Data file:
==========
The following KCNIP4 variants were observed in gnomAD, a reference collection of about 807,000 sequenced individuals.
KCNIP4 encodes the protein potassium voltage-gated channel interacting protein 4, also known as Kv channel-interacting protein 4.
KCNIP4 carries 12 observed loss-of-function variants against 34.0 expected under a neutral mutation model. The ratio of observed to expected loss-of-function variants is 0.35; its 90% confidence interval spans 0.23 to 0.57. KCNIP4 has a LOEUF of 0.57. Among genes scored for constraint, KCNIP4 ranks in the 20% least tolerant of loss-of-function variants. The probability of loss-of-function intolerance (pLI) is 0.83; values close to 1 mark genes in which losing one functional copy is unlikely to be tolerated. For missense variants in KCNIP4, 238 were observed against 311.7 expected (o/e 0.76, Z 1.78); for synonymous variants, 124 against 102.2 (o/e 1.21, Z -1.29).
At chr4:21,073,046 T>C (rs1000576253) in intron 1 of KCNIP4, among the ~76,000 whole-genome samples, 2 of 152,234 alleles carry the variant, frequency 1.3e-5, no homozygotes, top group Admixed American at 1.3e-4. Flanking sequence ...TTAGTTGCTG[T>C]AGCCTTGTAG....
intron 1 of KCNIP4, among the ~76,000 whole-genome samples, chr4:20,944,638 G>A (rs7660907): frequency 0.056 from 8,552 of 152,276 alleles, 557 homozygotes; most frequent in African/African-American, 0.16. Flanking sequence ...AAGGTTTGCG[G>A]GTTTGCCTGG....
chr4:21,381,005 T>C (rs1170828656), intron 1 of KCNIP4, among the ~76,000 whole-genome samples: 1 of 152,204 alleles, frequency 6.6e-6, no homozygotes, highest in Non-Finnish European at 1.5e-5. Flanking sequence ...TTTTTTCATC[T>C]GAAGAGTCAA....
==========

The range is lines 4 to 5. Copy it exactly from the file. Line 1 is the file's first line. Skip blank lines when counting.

At chr4:21,073,046 T>C (rs1000576253) in intron 1 of KCNIP4, among the ~76,000 whole-genome samples, 2 of 152,234 alleles carry the variant, frequency 1.3e-5, no homozygotes, top group Admixed American at 1.3e-4. Flanking sequence ...TTAGTTGCTG[T>C]AGCCTTGTAG....
intron 1 of KCNIP4, among the ~76,000 whole-genome samples, chr4:20,944,638 G>A (rs7660907): frequency 0.056 from 8,552 of 152,276 alleles, 557 homozygotes; most frequent in African/African-American, 0.16. Flanking sequence ...AAGGTTTGCG[G>A]GTTTGCCTGG....